Doctoral Dissertations


Chengxun Lu

Keywords and Phrases

Computer simulation; Interaction; Landslide; LiDAR; Scanning target; Subsurface movement


"Terrestrial Laser Scanning (TLS) technology has been used for predicting and researching geological hazards for two decades. This research focuses on using LiDAR (Light Detection And Ranging) to measure the slow-moving displacement of both surface and subsurface soil of landslides. Two kinds of computer simulation software, FLAC3D® and PFC3D® were used to simulate the landslide process to compare with the LiDAR scanning results.

The primary contributions from this research are as follows:

1. Several error tests were done to prove that the three-dimensional LiDAR scanner used in this research can precisely obtain the three-dimensional position, the displacement and the rotational angle of artificial scanning targets.

2. Two kinds of special scanning targets were used for the laser scanner to measure the displacement of surface and subsurface of soil.

3. A series of shear box tests and computer simulation programs were designed to study the interaction between the target rod and the soil so as to prove if the target rods can accurately reflect the subsurface movement of the soil.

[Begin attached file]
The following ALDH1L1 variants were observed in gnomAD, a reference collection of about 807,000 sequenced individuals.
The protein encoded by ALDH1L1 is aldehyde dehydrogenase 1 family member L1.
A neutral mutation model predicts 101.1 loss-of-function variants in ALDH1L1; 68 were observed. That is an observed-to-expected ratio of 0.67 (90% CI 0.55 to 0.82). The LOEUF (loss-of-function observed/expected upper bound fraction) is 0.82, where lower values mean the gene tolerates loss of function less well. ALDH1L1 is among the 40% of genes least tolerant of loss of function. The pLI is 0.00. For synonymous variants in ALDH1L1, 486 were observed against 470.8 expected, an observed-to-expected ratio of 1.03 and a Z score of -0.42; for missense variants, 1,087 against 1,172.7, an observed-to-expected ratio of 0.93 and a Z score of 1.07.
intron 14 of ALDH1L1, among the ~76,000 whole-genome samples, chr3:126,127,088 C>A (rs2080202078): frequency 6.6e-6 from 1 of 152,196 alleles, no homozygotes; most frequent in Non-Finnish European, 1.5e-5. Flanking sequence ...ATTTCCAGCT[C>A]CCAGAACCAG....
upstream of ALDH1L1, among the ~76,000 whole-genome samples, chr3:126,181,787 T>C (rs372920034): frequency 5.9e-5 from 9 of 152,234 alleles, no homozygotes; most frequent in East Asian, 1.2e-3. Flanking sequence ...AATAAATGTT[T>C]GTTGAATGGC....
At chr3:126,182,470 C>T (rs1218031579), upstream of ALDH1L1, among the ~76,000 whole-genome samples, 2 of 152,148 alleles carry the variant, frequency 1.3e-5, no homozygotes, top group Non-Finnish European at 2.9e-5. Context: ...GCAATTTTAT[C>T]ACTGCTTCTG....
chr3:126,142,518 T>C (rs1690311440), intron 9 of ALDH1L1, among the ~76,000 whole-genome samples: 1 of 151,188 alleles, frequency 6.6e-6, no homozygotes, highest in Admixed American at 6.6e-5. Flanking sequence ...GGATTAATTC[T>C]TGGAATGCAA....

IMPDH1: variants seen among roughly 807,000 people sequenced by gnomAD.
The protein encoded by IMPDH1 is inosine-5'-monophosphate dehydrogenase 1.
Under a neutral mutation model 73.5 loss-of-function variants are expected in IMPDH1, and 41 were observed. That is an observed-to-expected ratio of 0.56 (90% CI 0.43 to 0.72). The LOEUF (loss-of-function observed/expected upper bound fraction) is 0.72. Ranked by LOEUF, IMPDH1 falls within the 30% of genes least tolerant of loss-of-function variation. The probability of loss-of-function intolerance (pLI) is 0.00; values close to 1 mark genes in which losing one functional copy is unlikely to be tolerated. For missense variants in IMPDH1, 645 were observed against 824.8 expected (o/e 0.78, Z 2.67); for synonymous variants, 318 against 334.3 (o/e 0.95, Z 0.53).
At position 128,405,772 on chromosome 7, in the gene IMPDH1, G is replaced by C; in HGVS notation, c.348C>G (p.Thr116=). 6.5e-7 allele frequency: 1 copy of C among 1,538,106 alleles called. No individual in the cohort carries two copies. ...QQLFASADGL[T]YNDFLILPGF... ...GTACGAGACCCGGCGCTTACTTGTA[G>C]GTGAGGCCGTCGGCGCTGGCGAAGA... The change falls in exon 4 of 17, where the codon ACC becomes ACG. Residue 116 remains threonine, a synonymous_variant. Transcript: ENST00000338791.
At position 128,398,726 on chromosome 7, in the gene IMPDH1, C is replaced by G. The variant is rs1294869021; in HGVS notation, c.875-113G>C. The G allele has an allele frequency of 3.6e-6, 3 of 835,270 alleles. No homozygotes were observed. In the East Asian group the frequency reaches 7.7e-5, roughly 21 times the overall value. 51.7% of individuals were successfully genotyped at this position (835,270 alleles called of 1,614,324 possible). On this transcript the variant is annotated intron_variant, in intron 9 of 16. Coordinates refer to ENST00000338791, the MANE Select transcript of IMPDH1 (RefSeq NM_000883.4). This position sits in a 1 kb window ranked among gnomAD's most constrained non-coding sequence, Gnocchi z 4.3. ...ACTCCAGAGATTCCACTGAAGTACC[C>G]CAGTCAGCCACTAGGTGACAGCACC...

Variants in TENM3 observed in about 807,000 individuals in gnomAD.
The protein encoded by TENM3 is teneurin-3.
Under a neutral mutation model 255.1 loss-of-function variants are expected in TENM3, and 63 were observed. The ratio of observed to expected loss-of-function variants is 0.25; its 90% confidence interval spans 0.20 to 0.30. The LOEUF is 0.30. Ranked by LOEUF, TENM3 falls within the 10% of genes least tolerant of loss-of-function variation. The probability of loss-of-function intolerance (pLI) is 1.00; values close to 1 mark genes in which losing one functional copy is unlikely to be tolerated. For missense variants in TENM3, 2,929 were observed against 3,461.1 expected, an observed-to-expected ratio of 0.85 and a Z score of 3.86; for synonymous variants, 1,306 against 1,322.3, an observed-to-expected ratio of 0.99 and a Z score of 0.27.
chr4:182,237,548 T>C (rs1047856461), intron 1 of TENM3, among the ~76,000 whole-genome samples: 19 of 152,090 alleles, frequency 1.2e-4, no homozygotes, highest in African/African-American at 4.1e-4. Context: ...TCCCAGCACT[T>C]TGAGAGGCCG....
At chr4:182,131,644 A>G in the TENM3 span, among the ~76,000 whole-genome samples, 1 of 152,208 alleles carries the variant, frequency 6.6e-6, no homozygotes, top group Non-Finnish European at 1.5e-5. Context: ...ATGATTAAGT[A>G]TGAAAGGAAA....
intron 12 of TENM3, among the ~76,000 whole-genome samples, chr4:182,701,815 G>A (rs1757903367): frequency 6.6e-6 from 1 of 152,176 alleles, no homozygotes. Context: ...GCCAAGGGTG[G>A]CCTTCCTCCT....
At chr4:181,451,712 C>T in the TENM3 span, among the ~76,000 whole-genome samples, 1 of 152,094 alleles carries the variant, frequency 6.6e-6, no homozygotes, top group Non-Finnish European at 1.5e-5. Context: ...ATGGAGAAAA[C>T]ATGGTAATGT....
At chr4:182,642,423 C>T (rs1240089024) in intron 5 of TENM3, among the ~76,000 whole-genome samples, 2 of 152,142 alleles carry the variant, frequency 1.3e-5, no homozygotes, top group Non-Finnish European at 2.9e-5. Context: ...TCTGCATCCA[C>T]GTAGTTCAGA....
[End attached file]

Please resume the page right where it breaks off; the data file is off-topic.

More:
4. A large-scale bench model test was designed to prove the applicability of the new LiDAR monitoring method. This research is innovative and important because it proves the designed scanning targets verifies the function of the LiDAR, and several experiments were used to prove the precision and principle of this new monitor method"--Abstract, page iii.


Maerz, Norbert H.

Committee Member(s)

Rogers, J. David
Gertsch, Leslie S.
Cawlfield, Jeffrey D.
Bate, Bate


Geosciences and Geological and Petroleum Engineering

Degree Name

Ph. D. in Geological Engineering


Missouri University of Science and Technology

Publication Date

Summer 2019


xv, 150 pages

Note about bibliography

Includes bibliographic references (pages 143-149).


© 2019 Chengxun Lu, All rights reserved.

Document Type

Dissertation - Open Access

File Type




Thesis Number

T 11595

Electronic OCLC #